Chapter 21: Wall Street Swastika: Lawrence Maps Or Your Life:
The German spies were getting so close Dora wanted to scream. But at the last moment they stopped and started to gaze at the portrait on the wall next to the one that resembled Monet’s Woman With A Parasol. It was another portrait of some undistinguished person that the painter must have known. Obviously the goons had deliberately moved physically closer so that they could keep up with what Dora was doing and so they could hear better what she said.
Dora knew this was a dangerous game that she, Churchill, and Edward were playing. It had not improved over the years either. It reminded her of when she took her first transatlantic crossing on the last voyage of the Lusitania in May of 1915. A goon hired by the Kaiser called Ali had followed her aboard, kidnapped her, and tied her ultimately to a pillar in the engine room with her future husband, Michael Byrne. They had barely escaped when the ship was torpedoed and the second mysterious explosion had occurred when Ali had set off his chemical bomb. Since she had not handed over the first Lawrence maps even then, she had been forced to row ashore with her father and mother. They had also been aboard the doomed ocean liner. In those days she had not even known what a Lawrence map was, though Ali had interrogated her about it. She was soon to find out, though, as soon as she got to Queenstown, Ireland and ran into the future Colonel Sir Edward Ware as a young man about to ship off for Gallipoli. He had told her all about the maps. Before the war was over he was to send them to her to keep in Pittsburgh. Then when she showed up in Paris for the Paris Peace Conference in 1919, Lawrence of Arabia himself, author of the maps, key to world domination, handed her a box of maps to keep with her when she returned to America. Lawrence thought they would be safer there than in Europe where greedy Germans even after the war were looking everywhere for them.
No one had made a better prediction. Here the Germans were crowding her out on the lower level of deck 3. It was ten years later, and they were seeking the same maps.
“M’lady, I should take a moment to wait on these gentlemen,” the art director tried to excuse himself, “while we wait for your art collector friends to arrive.”
“No matter what my friends say, I want to buy this painting. Don’t your have forms to fill out?” she pressed. She ran her hand up and down her arm.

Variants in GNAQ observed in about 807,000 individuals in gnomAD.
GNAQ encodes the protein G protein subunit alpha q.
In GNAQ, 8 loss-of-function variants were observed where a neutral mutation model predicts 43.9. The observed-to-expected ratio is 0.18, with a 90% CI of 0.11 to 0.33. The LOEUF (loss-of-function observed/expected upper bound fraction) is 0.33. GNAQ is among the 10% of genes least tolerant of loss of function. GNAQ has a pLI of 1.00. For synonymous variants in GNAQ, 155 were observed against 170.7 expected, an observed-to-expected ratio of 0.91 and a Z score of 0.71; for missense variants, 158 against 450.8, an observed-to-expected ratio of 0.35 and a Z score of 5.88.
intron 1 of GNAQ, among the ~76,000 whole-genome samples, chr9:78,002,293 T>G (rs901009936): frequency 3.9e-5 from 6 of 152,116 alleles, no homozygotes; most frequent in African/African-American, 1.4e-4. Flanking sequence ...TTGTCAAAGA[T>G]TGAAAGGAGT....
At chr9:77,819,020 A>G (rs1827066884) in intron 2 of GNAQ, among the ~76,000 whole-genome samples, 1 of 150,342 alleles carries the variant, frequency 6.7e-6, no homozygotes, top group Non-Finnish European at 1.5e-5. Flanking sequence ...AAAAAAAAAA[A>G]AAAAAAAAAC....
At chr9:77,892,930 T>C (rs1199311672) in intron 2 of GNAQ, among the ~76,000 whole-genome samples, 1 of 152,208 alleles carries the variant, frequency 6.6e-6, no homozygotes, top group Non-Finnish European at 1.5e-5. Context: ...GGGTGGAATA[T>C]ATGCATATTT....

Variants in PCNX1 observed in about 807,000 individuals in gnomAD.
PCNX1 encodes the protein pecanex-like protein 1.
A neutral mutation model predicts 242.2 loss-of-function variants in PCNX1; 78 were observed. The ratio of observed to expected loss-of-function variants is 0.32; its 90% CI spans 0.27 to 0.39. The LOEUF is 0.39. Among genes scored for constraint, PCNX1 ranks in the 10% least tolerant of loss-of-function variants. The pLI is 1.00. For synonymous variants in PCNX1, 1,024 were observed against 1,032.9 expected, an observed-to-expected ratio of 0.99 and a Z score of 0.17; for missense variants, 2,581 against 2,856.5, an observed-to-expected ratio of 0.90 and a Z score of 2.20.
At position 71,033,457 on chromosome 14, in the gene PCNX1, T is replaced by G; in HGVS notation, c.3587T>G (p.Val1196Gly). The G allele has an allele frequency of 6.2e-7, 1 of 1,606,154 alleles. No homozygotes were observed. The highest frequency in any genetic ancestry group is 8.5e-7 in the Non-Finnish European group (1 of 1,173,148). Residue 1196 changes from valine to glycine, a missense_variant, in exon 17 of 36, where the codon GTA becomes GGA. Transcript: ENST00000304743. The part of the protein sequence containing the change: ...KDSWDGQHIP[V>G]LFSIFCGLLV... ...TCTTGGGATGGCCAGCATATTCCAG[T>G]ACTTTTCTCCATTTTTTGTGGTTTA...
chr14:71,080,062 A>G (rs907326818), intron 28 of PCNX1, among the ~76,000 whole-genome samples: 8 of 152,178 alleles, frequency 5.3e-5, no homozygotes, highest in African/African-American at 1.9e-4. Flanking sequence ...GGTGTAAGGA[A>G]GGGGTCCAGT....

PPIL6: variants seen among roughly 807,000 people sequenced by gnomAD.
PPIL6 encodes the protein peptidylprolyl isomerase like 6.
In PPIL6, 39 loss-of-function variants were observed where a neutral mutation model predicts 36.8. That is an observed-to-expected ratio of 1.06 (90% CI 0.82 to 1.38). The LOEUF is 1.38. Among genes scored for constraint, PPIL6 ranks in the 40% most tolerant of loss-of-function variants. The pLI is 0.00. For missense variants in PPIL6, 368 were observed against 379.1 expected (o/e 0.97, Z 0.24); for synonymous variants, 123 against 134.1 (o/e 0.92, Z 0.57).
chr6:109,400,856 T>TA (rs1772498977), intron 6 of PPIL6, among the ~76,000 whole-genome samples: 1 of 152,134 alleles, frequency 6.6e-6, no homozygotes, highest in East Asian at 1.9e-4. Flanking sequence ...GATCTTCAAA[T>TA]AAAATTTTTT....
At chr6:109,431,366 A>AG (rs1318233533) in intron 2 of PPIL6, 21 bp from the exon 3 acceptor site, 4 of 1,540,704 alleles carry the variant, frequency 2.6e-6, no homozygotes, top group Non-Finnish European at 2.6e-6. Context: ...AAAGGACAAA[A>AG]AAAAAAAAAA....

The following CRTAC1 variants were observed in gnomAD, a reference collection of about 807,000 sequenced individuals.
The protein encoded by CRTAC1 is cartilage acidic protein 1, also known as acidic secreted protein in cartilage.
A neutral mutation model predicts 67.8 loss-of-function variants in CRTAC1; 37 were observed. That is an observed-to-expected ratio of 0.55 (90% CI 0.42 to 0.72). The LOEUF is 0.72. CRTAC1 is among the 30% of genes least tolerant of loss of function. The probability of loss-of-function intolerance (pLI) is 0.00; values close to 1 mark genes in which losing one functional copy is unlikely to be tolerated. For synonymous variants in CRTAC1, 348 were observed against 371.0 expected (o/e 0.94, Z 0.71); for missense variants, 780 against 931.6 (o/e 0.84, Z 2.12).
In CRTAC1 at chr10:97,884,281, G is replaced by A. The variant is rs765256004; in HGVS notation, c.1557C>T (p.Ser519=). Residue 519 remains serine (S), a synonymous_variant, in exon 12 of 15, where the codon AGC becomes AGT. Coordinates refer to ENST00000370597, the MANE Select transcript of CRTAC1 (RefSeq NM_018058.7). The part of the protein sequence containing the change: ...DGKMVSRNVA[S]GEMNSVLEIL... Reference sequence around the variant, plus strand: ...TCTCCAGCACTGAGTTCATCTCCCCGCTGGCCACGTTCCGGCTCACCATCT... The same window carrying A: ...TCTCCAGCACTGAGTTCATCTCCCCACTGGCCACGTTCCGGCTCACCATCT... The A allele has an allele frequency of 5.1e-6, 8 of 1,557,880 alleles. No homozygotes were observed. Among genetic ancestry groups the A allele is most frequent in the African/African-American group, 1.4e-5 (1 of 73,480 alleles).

The art director got out his bell and again rang for his assistant. “Will you please wait on the patient gentlemen over there while I wait on the lady?” he asked her.
Dora hovered over the art director protectively while he filled out form after form. She knew that he was all that shielded her from instant capture and being taken forcibly from this room at gunpoint with the butt of the pistol pointed toward her back especially when she no longer had her own gun to defend herself. It would be worse than the Lusitania. On the Lusitania there was just Ali. Here were two thugs who could jump her at once.
The art director asked Dora her name and address as well as her phone number. As she was reciting numbers, she noticed that the thugs had dismissed the assistant to the art director. They of course were not really interested in the paintings at all. Now they were slipping gloves over their hands. She swallowed hard. Did they intend to attack her anyways?
Then it came to her as if they had hit her with a mallet. She had summoned Edward and Churchill. They must have guessed that. They were not moving in on her because they were more interested in the menfolk. They would make a juicier capture than an American heiress. Neither had been present on the Lusitania or Ali himself might have preferred them to her or even Michael Byrne.
She tried keep her wits about her. She had to get out of here.
“Let’s —- let’s take the painting up to my cabin,” she suggested to the art director. “My friends are taking too long to arrive.” She had to reach Edward and Winston Churchill. She had to warn them what the rogues were planning. Certainly she should not be left alone like this while the clock was ticking and danger appeared at every turn.
She signed to put the cost of the painting on her final room tab to be paid at the end of the voyage to the purser’s desk.
The goons were trailing them as they left the shop. She hoped they did not intend to surprise them in a darkened hallway. She glanced over her shoulder. They were leaving the shop, too. They were only a few steps behind them. They did not want her to warn her confederates.
Suddenly she heard gunfire from one of the balcony’s above in the grand lobby. Women shrieked all around. She heard screams from behind her. The two thugs had collapsed on the floor of the lobby lying on oriental rugs looking blankly up at the chandeliers with vacant eyes. They were dead.